The difference between decor and clutter is essentially space, but I don’t mean the size of your apartment or house.

To move past a cluttered look, we suggest a simple process: reduce items, chose the most special or meaningful items, consider each object’s relationship to another in each grouping, and curate blank space between your focal points, collections, and furnishings.

Clutter is a problem for many of us with busy schedules, even the most minimalist of us, and it is really easy to accumulate–maybe you just put the new vase that came with your birthday flowers on the mantle with the others that you carefully selected, or perhaps you decided to add one more print to your artwork wall.

Reducing the decorative items in your home can be a challenge, so that’s why I have developed six rules you can follow to make sure your decorative impulses don’t get out of hand. Check it out!


 Rule #1: Leave Blank Space

You don’t have to go ultra-modern or totally minimalist if you prefer another style. Choose the decor that works best for you and your home and then showcase your favorite decorative items. Just make sure you leave a little blank space!

In the image below, there are several decorative items like art, plants, and dried coral, but look how evenly dispersed each decorative item is. The room has a sense of decorative cohesion, but there is a fair amount of empty space.

The number one principle of this rule is to make space around plants, wall hangings, and on shelves. Be sure to leave walls unadorned in some areas. Just because you love plants or art doesn’t mean you have fill your entire space with these decorative items.

Open space is important because it gives you room to breathe.

Rule #2: Display Meaningful Decor

Remember that decor should be comprised of meaningful arrangements of decorative items like heirlooms, sentimental objects, utilitarian items, and artwork. Think of it this way–when a guest asks you about an item you have on display, you should be able to explain what makes the item so special and why you’ve given it the prized position on top of the mantel.

Maybe the pineapple in the image below reminds the homeowner of a trip she took to South Carolina, while the succulent is reminiscent of the years she spent in college in California. Not every item has to be so meaningful, but you should have a reason for displaying each piece.


Decor is the intentional, artful arrangement of visually appealing items, whereas clutter is unthinking. 

Your decor should be meaningful as well as inspirational. Maybe an image you display reminds you of a trip you’ve always wanted to take to abroad, instead of a place you’ve been.

Rule #3: Coordinate Colors

Another rule to tie in the decorative elements in your home is to make sure each item is color coordinated. All the items in the image below complement each other and, even though there are a lot of items in this office, they all go together so nicely, giving the appearance of harmony.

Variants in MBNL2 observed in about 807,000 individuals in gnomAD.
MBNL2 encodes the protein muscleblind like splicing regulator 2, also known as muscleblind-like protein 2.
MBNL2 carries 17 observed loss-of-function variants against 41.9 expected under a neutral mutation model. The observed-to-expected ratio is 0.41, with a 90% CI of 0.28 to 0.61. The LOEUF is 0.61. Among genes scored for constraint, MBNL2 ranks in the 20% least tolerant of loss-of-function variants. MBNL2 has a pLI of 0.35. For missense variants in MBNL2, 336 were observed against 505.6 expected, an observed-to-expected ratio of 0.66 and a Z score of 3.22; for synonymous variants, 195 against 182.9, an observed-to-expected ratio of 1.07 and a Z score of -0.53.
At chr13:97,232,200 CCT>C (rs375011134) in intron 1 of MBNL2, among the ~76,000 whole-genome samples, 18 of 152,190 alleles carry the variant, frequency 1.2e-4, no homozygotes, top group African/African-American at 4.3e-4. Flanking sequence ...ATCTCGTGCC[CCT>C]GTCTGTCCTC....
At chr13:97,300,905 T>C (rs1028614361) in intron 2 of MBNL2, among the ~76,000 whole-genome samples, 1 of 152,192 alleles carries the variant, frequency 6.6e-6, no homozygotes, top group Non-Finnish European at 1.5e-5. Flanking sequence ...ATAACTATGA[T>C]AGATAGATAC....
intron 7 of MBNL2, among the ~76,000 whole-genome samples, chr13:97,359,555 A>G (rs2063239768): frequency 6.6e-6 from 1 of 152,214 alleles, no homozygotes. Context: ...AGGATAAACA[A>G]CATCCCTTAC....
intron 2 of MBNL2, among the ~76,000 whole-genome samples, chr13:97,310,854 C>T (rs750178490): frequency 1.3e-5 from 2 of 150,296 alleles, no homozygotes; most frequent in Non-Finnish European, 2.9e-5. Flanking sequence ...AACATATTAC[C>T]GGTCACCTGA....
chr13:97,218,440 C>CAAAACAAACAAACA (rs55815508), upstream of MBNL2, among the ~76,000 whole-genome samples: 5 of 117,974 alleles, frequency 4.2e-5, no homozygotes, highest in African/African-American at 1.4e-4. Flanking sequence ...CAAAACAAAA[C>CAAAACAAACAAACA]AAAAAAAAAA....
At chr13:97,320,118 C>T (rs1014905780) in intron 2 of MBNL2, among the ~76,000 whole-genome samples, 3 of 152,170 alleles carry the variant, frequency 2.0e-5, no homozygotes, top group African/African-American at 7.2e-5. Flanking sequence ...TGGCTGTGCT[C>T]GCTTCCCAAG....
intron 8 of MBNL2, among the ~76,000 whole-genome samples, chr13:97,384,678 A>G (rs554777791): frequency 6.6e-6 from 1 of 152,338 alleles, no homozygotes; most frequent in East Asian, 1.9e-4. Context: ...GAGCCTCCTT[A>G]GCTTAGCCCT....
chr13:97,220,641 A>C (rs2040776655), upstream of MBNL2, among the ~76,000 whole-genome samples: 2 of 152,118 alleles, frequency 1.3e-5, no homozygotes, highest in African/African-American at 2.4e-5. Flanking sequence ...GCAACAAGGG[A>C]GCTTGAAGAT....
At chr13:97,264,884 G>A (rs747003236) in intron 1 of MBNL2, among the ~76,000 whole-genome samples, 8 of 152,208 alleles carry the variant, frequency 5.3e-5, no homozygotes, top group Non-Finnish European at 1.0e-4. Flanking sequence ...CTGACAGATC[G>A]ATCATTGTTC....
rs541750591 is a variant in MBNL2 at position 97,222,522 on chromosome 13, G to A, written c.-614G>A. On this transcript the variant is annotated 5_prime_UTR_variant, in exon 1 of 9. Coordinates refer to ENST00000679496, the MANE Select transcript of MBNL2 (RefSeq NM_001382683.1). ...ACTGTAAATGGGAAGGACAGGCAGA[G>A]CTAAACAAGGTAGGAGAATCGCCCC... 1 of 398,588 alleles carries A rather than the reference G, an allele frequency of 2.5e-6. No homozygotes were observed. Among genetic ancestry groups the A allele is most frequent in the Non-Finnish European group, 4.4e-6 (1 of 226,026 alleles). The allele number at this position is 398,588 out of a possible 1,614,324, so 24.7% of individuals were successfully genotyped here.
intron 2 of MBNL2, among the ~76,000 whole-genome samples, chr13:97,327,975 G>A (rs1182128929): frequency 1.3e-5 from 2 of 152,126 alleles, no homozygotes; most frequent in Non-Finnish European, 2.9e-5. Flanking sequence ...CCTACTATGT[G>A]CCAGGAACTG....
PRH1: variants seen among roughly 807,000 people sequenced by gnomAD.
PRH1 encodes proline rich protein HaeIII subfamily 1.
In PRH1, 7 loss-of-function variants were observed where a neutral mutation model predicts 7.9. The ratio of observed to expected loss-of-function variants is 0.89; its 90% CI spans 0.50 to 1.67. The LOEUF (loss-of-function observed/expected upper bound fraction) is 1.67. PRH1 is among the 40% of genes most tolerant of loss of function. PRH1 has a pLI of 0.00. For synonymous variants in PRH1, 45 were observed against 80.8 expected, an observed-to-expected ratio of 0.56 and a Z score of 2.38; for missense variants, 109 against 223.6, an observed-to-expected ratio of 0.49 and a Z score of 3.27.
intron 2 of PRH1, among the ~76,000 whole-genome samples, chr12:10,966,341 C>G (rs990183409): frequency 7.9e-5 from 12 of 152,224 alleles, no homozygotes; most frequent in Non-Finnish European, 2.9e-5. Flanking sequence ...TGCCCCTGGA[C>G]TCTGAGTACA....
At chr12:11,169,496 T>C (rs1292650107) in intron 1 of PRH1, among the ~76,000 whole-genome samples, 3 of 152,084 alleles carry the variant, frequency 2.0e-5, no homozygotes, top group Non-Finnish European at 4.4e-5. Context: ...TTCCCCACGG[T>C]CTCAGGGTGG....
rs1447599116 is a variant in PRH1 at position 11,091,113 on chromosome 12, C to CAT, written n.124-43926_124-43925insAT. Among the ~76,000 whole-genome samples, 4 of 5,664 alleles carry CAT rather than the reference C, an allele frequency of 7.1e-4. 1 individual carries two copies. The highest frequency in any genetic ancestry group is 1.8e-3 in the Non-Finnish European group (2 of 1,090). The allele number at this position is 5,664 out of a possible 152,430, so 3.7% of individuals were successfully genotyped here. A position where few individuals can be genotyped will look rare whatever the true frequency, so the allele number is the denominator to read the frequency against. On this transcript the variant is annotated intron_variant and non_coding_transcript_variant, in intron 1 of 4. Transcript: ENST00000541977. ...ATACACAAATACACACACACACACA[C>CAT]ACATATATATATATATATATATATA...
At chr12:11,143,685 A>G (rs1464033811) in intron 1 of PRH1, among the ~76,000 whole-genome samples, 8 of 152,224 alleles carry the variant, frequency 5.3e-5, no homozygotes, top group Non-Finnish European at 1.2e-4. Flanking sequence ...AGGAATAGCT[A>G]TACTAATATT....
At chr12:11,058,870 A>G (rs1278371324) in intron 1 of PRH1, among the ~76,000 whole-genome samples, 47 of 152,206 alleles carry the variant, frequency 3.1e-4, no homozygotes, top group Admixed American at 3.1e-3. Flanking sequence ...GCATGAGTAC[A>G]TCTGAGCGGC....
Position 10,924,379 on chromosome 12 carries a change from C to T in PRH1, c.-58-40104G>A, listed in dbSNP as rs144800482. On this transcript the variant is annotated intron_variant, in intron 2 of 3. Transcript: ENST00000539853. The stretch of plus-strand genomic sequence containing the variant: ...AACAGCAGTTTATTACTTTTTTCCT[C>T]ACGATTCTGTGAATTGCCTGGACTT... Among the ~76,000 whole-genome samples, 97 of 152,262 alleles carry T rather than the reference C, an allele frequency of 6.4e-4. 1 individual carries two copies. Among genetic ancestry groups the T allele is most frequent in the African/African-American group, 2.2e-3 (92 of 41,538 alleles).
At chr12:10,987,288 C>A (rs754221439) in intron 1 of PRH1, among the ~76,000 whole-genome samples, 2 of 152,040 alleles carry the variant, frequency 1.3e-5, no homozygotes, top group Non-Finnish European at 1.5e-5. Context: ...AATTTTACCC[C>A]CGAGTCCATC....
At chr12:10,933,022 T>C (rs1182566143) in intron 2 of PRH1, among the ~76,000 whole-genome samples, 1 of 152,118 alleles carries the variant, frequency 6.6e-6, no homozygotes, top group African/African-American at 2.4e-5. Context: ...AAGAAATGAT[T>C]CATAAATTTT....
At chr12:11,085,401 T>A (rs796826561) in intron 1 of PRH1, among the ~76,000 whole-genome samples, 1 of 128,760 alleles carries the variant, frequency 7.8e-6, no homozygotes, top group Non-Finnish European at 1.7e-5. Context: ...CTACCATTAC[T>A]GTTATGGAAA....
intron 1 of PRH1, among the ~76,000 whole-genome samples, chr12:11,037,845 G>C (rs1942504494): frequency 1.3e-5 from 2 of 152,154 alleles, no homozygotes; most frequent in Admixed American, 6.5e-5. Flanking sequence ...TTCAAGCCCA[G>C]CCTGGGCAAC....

You’ll notice, however, that decorative items do not have to be identical to complement each other. For example, the pillow and the rug in the image above are both black and white, but they have a completely different pattern.

Rule #4: Incorporate Warmth

I like a cozy look myself, but I cannot relax fully if the house is cluttered. On the other hand, it seems like an overly minimalist home is too cold and empty to feel at home in.

Most homeowners aim for a happy medium, which can be achieved by reducing decorative items,  adding warm touches and textures, and, of course, leaving space in between items.


Flat surfaces, like the countertop above, should be kept clear of decorative items. Once you clear off a flat surface, you should set up a routine to maintain a clutter free area.

Tip: Keep flat surfaces that you use everyday clear of stacks of paper, decorative items, and an overabundance of plants.

For example, if you have a kitchen island it should always get tidied during kitchen cleanup and at night before bed.

Rule #5: Compartmentalize

Another key to reducing clutter and maintaining a sense of order in your decor is to designate baskets and bins for scattered items such as shoes. But don’t have too many baskets lying around! The key is to only have a small number of visible baskets and hooks for containing clutter, not several visible baskets and hooks for storing clutter in the open.

Hallway photo, from

Hallways are havens for clutter. In our home, we keep a small ceramic plate on the entry room mirror shelf for all keys. Since your foyer is the first place you enter when coming home and when leaving it can really set the tone for your day as well as your guest’s, so it is important to keep it organized.

Kjellestadsgatan Apartment @stadshem._1

Keep your entryway neat, but give it personality and convenience. Make it easy for your family to put away their shoes and have a spot where people can sit down.

Rule #6: Make Tidying Easy

The most important rule of the six is to make tidying easy! It is simply too easy to accumulate items and display them unnecessarily. That being said, don’t hold your family and guests to stringent rules that can’t be followed (think: “O no, that’s not the hook for rain coats, that hook is over here.”).

If your rules are too strict, the homey appeal you are trying to achieve in your decor will come off just as coldly as if you had no decor at all!
Photo Johanna Laskey_2

Remember to decorate meaningfully, but to keep items nicely spaced and comfortably organized.

Image courtesy of Catherine Kwong Design and Bess FridayCourtney KingHouse Beautiful MagazineAEstateInspired Wonen, Johanna LaskeyBinti HomeBobodreHus o HemEckland, Bo Bedre, StadshemTiffany, Savor Home, and Simon Bajada


About The Author

Art+Design Consultant

Art historian by training, curator, writer and design lover. Principal of Art +Design Consulting. Lover of all things well made.